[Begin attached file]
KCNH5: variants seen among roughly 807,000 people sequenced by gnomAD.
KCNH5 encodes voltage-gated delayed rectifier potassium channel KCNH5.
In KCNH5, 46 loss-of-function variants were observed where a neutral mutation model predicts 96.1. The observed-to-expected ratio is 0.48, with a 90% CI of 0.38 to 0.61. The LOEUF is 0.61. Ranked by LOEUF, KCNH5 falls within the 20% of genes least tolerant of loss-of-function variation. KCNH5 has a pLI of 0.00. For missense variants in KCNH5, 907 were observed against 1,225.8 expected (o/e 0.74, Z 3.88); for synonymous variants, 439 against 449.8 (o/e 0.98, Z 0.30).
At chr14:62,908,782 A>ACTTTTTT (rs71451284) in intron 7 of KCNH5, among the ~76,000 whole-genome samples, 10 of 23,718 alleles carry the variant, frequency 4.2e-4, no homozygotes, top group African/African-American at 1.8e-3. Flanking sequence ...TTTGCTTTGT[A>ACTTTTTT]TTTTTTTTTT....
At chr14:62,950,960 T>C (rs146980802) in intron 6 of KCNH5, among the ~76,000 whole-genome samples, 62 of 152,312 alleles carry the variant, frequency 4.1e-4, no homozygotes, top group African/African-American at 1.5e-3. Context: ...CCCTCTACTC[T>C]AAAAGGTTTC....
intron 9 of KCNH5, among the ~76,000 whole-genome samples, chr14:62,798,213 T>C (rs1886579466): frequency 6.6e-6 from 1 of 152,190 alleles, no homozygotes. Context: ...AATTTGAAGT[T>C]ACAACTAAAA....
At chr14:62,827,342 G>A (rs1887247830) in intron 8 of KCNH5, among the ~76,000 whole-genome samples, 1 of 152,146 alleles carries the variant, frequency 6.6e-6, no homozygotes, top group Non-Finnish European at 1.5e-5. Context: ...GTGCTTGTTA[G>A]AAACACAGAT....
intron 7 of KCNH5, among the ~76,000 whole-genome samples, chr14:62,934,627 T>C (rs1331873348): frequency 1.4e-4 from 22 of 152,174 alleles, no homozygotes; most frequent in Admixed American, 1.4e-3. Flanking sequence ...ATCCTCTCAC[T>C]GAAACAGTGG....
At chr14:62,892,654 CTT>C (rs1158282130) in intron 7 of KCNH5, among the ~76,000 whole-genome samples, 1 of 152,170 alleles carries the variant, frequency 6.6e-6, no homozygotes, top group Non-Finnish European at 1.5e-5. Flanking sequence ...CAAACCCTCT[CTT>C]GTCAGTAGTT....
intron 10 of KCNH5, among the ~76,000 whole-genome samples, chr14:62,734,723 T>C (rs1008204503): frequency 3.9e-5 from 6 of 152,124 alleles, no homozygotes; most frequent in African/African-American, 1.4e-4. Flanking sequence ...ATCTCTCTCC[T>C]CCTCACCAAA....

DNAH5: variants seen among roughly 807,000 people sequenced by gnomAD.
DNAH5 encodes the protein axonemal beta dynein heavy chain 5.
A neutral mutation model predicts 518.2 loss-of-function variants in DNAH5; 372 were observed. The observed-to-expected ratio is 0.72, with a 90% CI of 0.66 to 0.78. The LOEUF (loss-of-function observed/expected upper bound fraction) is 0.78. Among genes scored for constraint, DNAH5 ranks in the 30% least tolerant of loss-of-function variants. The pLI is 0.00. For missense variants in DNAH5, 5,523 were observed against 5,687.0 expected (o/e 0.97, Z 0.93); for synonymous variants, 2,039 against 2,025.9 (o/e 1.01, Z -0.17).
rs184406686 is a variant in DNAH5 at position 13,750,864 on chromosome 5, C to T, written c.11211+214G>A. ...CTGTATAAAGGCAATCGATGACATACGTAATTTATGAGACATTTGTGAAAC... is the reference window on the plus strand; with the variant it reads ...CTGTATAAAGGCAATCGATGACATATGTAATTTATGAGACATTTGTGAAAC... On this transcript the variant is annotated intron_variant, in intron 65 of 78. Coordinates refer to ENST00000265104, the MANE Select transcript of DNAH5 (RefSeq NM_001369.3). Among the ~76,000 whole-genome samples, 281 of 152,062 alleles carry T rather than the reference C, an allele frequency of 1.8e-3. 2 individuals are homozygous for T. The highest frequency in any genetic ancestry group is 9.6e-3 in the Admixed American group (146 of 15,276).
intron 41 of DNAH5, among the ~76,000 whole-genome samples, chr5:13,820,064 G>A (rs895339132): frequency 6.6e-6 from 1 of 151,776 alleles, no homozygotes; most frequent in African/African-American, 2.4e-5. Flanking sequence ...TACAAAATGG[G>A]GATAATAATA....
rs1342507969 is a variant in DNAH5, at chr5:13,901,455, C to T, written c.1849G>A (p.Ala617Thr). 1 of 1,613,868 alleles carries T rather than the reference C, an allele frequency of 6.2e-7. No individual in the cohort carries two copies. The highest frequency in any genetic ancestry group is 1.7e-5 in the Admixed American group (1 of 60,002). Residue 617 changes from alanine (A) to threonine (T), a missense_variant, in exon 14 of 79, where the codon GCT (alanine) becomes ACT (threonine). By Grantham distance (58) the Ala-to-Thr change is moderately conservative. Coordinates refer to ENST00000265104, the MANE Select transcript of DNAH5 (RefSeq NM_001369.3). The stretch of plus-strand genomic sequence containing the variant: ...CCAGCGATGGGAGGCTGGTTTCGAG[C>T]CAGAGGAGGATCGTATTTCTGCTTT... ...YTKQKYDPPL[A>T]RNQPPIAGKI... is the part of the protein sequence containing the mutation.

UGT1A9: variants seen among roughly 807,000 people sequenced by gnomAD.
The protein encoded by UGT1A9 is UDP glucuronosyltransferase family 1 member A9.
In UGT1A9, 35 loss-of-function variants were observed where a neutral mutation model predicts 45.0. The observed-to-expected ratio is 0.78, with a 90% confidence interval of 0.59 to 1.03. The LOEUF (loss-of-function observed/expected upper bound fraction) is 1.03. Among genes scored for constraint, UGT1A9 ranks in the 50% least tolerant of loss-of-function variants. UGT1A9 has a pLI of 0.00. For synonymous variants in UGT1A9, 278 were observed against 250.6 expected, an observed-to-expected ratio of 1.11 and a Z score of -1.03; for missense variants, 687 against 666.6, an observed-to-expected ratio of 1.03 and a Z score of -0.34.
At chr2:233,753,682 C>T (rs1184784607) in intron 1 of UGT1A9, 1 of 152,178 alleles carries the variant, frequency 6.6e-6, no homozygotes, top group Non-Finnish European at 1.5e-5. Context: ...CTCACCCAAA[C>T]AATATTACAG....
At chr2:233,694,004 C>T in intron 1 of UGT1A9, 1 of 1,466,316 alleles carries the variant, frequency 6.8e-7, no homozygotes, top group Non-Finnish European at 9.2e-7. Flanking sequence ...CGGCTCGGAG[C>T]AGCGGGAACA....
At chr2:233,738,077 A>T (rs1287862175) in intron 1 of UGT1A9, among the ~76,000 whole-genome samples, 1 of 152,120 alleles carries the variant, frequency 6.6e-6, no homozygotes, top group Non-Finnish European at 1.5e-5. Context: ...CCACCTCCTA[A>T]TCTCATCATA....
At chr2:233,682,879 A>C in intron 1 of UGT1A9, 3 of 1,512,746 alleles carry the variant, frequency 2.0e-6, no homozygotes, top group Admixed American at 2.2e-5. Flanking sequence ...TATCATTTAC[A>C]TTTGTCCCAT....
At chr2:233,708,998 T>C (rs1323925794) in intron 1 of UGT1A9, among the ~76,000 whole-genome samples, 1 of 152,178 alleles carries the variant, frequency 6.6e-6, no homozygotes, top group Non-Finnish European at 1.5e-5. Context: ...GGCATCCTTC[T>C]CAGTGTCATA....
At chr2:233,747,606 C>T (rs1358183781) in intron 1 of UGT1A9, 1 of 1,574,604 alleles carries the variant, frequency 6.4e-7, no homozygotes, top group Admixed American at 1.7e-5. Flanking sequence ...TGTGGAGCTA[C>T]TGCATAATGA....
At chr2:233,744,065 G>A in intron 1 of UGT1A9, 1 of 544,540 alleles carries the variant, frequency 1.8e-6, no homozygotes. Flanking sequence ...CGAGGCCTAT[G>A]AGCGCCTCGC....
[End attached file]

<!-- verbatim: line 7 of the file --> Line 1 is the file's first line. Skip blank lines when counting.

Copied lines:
At chr14:62,827,342 G>A (rs1887247830) in intron 8 of KCNH5, among the ~76,000 whole-genome samples, 1 of 152,146 alleles carries the variant, frequency 6.6e-6, no homozygotes, top group Non-Finnish European at 1.5e-5. Context: ...GTGCTTGTTA[G>A]AAACACAGAT....